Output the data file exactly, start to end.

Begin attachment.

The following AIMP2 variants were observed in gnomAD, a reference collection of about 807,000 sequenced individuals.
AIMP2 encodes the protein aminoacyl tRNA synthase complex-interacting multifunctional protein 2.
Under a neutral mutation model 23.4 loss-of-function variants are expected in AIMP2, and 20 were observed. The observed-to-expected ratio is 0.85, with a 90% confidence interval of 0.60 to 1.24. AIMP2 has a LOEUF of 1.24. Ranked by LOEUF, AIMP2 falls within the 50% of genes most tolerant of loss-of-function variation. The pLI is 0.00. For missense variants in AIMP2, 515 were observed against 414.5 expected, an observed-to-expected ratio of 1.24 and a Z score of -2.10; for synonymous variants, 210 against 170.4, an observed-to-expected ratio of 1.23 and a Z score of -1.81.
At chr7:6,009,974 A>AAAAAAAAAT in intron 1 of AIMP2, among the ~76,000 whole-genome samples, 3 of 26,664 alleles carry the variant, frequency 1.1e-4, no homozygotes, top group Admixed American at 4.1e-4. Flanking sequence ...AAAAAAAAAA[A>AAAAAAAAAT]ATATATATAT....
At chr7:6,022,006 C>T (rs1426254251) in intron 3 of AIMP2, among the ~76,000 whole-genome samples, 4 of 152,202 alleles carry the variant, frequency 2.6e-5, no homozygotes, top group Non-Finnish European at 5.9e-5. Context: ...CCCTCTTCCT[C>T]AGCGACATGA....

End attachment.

The following AIMP2 variants were observed in gnomAD, a reference collection of about 807,000 sequenced individuals.
AIMP2 encodes the protein aminoacyl tRNA synthase complex-interacting multifunctional protein 2.
Under a neutral mutation model 23.4 loss-of-function variants are expected in AIMP2, and 20 were observed. The observed-to-expected ratio is 0.85, with a 90% confidence interval of 0.60 to 1.24. AIMP2 has a LOEUF of 1.24. Ranked by LOEUF, AIMP2 falls within the 50% of genes most tolerant of loss-of-function variation. The pLI is 0.00. For missense variants in AIMP2, 515 were observed against 414.5 expected, an observed-to-expected ratio of 1.24 and a Z score of -2.10; for synonymous variants, 210 against 170.4, an observed-to-expected ratio of 1.23 and a Z score of -1.81.
At chr7:6,009,974 A>AAAAAAAAAT in intron 1 of AIMP2, among the ~76,000 whole-genome samples, 3 of 26,664 alleles carry the variant, frequency 1.1e-4, no homozygotes, top group Admixed American at 4.1e-4. Flanking sequence ...AAAAAAAAAA[A>AAAAAAAAAT]ATATATATAT....
At chr7:6,022,006 C>T (rs1426254251) in intron 3 of AIMP2, among the ~76,000 whole-genome samples, 4 of 152,202 alleles carry the variant, frequency 2.6e-5, no homozygotes, top group Non-Finnish European at 5.9e-5. Context: ...CCCTCTTCCT[C>T]AGCGACATGA....